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PostPosted: 30 Apr 2016, 07:00 
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So I'd decided to go with the Spinlord Waran 1.8mm, which arrived yesterday, and I had my first practice session with my coach with it on my forehand today (GD Snowflake OX on backhand on my Sauer & Troger Firestarter Blade). So far, very promising ... though, of course, I have lots to learn. I cannot compare this rubber against any other short pips, as I've played with short pips before.

Pushes: Pushes were easy and surprisingly heavy, especially when I twiddled and pushed with my backhand. My coach said the backhand pushes were actually heavier than with inverted. Makes no sense, but this is a good sign, as I feared I'd be giving up too much spin on pushes, resulting in easy putaways. Apparently not ... though I haven't tested these out in an actual challenging game yet.

Chops: Just as with pushes, very oddly and unexpectedly, my first chop off of a drive was super-loaded (more than with inverted). My coach, who is a 2500 player, kept netting that first ball. Just as oddly, I had more trouble generating heavy spin and keeping it low on subsequent chops (after loops as opposed to drives). I have no idea why this is and would've expected the opposite, but it got substantially better with a bit of practice, so I'm assuming it has to do with my technique, and maybe I need to go a bit more forward and into the ball on those subsequent chops than I'm used to doing with inverted. Since chopping is a core part of my game, I am thrilled that the first chop is heavy. My coach also had more trouble dealing with the difference in spin between short pips and long pips (especially when I twiddled on chops) than he did when I used long pips/inverted. Not sure why. Perhaps he needs time to adjust as well.

Blocking: My inverted instincts kept getting me in trouble, but when I started opening the blade up to 90 degrees, waiting a bit longer and sometimes adding a bit of forward motion on blocks, the blocks starting landing quite nicely. As I noted in my first post in this thread, I'm not looking to do anything funky on forehand blocks because I have my backhand for that, but I saw some "funk" happening on occasion. But I don't really know what I'm doing for now.

Hitting/looping: This is the part where, of course, I need the most work. I just don't have any consistency yet, though I can see that there's a lot of potential here. I fiddled with shorter and more compact swings, longer swings, more open swings, more closed swings, more forward (as opposed to upward) swings, a bit of wrist action, etc. Some things worked, some didn't, but I can't reach any firm conclusions yet. I can definitely see that I need to go into the ball rather than grazing it, and shortening my swing seems to work most of the time, but then sometimes it didn't. What I can definitely say is that the result was a more challenging ball to return than I could generate with my inverted loop. I will just have to wait to get more practice in to figure out this part of the game and if/how it will work for me.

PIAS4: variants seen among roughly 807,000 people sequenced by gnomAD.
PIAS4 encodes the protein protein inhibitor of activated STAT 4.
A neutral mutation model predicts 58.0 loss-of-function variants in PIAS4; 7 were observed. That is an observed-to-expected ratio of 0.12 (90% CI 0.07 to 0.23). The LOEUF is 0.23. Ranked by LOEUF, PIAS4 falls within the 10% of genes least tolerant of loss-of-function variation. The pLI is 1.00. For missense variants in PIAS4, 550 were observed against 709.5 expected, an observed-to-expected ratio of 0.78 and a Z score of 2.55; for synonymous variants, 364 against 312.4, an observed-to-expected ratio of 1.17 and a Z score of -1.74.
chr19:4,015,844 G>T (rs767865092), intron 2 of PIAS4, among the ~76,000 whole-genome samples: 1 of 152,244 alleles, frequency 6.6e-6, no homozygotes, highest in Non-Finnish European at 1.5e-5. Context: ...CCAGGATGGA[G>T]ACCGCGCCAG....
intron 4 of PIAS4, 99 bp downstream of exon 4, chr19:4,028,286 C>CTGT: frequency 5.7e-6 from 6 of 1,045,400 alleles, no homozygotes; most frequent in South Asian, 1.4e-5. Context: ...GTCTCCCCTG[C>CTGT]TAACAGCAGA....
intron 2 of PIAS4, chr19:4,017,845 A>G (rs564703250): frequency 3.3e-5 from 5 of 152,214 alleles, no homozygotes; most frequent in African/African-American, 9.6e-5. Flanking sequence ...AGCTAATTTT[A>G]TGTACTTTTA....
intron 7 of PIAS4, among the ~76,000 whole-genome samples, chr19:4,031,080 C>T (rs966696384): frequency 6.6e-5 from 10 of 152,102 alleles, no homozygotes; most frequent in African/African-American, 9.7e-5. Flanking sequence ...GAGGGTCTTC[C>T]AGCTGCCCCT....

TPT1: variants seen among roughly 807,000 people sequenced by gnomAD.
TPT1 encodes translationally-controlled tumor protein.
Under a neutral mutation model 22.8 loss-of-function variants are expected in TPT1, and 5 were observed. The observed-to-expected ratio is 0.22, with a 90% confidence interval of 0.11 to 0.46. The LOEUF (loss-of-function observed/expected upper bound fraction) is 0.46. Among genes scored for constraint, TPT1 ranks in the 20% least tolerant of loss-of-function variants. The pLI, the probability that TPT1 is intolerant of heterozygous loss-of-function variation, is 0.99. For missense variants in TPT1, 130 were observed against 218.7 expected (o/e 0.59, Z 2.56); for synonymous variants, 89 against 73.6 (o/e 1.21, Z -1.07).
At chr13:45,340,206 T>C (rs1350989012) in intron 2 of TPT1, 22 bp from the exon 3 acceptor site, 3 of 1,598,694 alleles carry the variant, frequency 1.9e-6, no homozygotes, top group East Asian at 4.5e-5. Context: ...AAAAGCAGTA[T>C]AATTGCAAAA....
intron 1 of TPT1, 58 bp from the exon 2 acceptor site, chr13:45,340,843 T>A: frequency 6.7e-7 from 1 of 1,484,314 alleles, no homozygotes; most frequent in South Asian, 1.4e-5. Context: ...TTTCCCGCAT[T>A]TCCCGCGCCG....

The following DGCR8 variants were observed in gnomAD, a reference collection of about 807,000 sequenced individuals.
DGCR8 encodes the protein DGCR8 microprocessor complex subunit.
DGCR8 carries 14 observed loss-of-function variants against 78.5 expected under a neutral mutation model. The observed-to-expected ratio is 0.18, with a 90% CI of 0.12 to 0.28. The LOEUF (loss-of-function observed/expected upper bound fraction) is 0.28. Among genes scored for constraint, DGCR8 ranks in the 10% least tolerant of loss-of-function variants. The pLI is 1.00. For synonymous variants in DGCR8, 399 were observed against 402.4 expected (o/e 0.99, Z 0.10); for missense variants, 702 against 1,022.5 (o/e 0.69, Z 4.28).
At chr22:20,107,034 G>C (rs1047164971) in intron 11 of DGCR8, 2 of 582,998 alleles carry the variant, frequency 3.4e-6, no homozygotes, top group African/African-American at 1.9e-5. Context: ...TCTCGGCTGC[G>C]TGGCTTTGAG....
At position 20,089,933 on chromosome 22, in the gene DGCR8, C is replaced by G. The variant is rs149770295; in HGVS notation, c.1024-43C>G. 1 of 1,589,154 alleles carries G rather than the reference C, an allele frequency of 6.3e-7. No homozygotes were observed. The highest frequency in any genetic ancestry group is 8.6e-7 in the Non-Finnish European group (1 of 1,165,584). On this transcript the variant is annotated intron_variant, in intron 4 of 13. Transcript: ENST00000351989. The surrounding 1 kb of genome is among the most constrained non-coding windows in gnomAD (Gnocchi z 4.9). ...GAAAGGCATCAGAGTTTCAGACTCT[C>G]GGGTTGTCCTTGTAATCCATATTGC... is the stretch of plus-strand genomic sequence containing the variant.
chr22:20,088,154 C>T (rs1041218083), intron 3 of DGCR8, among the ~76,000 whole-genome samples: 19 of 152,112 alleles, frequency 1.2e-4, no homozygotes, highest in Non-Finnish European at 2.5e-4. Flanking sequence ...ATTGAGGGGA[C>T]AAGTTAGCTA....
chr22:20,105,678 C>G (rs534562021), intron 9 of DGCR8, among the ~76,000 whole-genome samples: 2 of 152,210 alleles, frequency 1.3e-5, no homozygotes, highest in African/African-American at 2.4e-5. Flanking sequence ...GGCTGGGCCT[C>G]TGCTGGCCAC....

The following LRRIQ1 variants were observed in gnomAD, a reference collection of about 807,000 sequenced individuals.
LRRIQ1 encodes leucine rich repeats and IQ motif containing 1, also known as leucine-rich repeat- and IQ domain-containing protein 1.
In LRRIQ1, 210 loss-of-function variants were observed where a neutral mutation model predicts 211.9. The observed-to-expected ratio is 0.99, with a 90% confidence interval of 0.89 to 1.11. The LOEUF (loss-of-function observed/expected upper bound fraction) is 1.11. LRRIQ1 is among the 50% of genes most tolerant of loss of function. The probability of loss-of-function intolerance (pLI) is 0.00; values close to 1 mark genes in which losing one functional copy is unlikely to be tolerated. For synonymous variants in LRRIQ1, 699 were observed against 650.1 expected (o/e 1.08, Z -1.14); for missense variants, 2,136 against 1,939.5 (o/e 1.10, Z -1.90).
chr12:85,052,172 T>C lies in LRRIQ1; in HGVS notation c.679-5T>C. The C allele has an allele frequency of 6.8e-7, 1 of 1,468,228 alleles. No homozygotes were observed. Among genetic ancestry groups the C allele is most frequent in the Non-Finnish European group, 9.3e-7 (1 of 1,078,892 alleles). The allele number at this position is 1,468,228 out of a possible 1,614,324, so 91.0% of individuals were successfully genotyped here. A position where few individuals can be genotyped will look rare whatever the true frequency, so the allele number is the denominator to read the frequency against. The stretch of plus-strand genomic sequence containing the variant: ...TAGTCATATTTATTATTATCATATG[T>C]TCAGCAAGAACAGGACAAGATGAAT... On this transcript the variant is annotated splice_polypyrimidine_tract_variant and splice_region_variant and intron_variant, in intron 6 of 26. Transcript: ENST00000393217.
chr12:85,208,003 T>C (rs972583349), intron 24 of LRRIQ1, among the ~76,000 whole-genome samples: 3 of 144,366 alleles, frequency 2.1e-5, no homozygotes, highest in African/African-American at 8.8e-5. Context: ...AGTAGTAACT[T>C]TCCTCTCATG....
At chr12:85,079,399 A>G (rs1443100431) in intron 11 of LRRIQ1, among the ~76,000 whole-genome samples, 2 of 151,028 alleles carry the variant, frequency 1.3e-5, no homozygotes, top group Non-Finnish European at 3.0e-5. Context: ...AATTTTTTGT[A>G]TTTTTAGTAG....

Twiddling/backhand attacking: Unlike forehand, using the pips on my backhand seemed quite easy and natural. I was able to drive the ball pretty easily and attacking high underspin was also pretty consistent. This is great because I've been twiddling from long pips to inverted more often lately to finish the point against loose underspin balls, but that too often results in overshooting the target, and short pips seemed like they could offer more consistency here.

Serving: I didn't get much serving in today. At the end of the practice session, I played one match against a kid who was about 1500, and I had no trouble beating him 3-0 without trying too hard, despite the unfamiliar rubber on my forehand. I tried a variety of serves, and none of them got punished with devastating loops, so that's good. I also tried as much as I could to actually USE my short pips (as opposed to the long pips for everything), and I made very few errors, got a few good blocks in and even killed two high balls with them. Of course, I still won most of my points using my bread-and-butter aggressive long pips no-spin push, which the kid had no clue what to do with, but that's to be expected.

This could end up being an experiment that lasts a few weeks, a few months or long term. As yet, I can't say. Would be curious to know how you do with the switch, Jim.